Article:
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Legal Innovation & Technology Lab
@ Suffolk Law School

BS with an AI about what clinic you should take

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Algorithmic BS?

Ask the bot below about Suffolk's clinics, but keep in mind...

The modern authoritarian practice of “flood[ing] the zone with shit” clearly illustrates the dangers posed by bullshitters—i.e., those who produce plausible sounding speech with no regard for accuracy. Consequently, the broad-based concern expressed over the rise of algorithmic bullshit is both understandable and warranted. Large language models (LLMs), like ChatGPT, which complete text by predicting subsequent words based on patterns present in their training data are the embodiment of such bullshitters. They are by design fixated on producing plausible sounding text, and since they lack understanding of their output, they cannot help but be unconcerned with accuracy. Couple this with the fact that their training texts encode the biases of their authors, and one can find themselves with what some have called mansplaining as a service.

So why did the LIT Lab use an LLM to build this tool, and why bother working with a known bullshitter?

For one, algorithmic BS artists lack agency. They do not understand their output. Their "dishonesty" is a consequence of their use case, not their character. Context matters and this can change from use case to use case. That's not the end of it though because context includes how a tool is made. What's clear, however, is that any moral duty present lies with the developers of a tool. By stepping into this role we explore these questions at the Lab, asking if such technology can have justifiable pro-social uses. When asked to complete a text prompt, LLMs default to constructing sentences that resemble their training data. This can lead to "confabulations." These models, however, need not operate in isolation. One can work to mitigate the problem of BS by providing context, e.g., by sourcing reliable texts and asking for output based on these. Such is the trick used here. We have asked an LLM (GPT-3) to reorder the contents of Suffolk's Clinical Information Packet in response to your questions. This of course does not limit the danger posed by such tools driving the cost of BS production to nearly zero, and it does not guarantee accuracy. It does, however, hint at the possibility of pro-social uses. Imagine if congressional staffers could ask questions of a 2,000-page bill published hours before a vote using natural language. If answers were coupled with cites to relevant sections, as we do below, this could help them quickly zero in on sections of interest when time is of the essence.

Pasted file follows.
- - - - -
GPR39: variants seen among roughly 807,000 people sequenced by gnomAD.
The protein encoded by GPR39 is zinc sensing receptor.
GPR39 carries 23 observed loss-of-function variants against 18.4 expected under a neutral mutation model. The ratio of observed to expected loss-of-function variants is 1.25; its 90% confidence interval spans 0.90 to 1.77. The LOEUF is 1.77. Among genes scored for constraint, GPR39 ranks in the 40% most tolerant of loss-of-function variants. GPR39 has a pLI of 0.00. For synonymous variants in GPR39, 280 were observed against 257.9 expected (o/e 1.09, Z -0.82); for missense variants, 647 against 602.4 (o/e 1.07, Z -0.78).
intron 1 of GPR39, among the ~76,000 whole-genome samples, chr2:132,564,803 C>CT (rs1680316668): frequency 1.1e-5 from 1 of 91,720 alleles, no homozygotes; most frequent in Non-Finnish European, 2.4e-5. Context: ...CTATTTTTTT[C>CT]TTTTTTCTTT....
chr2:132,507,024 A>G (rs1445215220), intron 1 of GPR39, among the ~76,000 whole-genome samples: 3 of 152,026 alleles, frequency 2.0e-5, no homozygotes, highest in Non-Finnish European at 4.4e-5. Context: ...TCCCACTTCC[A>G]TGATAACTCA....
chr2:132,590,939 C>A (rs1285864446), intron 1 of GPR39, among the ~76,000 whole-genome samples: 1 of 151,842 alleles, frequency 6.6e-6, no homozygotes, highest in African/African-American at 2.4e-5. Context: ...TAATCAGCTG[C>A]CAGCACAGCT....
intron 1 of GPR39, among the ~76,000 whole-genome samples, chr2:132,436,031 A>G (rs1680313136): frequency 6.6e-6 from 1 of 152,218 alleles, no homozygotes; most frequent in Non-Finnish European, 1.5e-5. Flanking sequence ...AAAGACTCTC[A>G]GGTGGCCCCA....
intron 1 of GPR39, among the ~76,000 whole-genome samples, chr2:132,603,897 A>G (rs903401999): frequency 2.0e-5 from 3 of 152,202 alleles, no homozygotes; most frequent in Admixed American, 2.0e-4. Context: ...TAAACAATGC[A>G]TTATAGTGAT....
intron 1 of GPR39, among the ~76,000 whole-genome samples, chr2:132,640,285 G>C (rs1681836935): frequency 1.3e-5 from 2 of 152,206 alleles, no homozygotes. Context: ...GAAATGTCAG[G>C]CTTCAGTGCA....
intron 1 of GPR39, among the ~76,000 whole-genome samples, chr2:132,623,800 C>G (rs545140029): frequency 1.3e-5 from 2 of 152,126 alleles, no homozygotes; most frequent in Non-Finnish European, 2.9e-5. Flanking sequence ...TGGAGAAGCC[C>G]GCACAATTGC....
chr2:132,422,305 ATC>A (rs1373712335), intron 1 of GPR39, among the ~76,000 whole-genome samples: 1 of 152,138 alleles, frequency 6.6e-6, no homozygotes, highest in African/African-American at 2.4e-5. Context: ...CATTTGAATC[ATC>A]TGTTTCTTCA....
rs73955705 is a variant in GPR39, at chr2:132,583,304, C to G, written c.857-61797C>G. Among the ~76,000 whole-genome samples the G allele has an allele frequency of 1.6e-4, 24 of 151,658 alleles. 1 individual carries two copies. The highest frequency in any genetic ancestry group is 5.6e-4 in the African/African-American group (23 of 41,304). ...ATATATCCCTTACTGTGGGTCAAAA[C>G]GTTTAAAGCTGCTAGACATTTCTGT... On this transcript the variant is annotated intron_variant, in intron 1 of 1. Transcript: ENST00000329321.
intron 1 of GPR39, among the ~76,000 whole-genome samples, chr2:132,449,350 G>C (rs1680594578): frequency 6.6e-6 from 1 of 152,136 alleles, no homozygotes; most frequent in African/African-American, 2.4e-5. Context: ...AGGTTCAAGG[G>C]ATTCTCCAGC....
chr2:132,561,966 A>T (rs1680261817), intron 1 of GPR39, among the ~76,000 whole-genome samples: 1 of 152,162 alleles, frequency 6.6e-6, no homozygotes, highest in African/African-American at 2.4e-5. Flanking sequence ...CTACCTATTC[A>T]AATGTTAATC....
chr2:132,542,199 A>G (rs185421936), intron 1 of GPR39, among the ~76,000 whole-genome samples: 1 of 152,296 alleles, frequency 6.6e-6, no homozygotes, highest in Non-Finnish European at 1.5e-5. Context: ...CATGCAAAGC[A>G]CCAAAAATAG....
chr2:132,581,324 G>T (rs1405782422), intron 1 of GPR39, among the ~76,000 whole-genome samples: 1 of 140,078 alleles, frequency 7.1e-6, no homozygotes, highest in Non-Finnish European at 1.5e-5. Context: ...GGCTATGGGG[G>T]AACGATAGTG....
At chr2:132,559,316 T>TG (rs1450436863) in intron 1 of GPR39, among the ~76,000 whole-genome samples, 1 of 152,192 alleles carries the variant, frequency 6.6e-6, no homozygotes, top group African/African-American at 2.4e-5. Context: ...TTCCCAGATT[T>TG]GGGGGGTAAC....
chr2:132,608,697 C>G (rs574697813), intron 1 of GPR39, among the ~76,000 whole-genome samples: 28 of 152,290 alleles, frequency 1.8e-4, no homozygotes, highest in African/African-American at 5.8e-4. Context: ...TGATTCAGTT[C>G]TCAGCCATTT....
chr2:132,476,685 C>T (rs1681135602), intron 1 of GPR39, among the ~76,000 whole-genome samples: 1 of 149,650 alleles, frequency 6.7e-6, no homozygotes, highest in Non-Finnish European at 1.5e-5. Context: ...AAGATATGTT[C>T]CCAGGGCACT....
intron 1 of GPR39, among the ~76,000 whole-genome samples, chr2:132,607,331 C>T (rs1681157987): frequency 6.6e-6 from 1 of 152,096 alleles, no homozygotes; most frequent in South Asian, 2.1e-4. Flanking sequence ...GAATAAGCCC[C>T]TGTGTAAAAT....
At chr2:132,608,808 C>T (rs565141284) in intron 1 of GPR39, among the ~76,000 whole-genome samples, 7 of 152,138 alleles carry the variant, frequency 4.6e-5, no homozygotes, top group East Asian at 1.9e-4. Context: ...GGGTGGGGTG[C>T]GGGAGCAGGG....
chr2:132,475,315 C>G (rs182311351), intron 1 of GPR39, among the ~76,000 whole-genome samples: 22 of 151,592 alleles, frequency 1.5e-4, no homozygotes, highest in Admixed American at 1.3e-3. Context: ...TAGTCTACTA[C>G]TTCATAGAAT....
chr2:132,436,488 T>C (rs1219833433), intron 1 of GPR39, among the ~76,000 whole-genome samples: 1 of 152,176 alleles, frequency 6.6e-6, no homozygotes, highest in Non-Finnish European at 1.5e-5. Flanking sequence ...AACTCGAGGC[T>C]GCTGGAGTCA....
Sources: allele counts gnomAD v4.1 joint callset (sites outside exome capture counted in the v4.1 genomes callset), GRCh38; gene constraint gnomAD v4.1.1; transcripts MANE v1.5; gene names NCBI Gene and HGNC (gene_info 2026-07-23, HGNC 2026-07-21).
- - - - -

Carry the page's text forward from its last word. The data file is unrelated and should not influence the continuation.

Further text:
The problem of BS, however, is not the only issue faced by such models. When they allow end-users to provide their own prompts, they are subject to prompt injection, the careful crafting of inputs to override a tool's original instructions. What could go wrong? Oh no . . . you're going to try this below aren't you?

Mostly, we hope you will find this a novel way to engage with the information packet. And, if you would like to get your hands dirty creating, evaluating, and understand the legal implications of such tools, we suggest you consider enrolling in Coding the Law (offered in the fall) or the Legal Innovation & Technology (LIT) Clinic (open to 2Ls and 3Ls). Which brings is to the real reason one might consider working with this particular BS artist—because practice experience working with a tool leads to understanding, and understanding is power. That power is something you can leverage both for the benefit of your clients and practice. We don't expect our students to become production coders, but we'd like them to learn enough to call BS. And yes, this is largely a gimmick to get you interested in the Lab, but we also think it can answer a few of your questions. ;)

Remember, whatever the bot says, the universal clinical application is due Thursday, February 23 before 5pm Eastern.

Ask a question of Suffolk's Clinical Information Packet

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The bot's sources include not only the packet but select content on or linked to from and When an answer is found, the sources considered in constructing that answer are shown in the Sources section below each answer.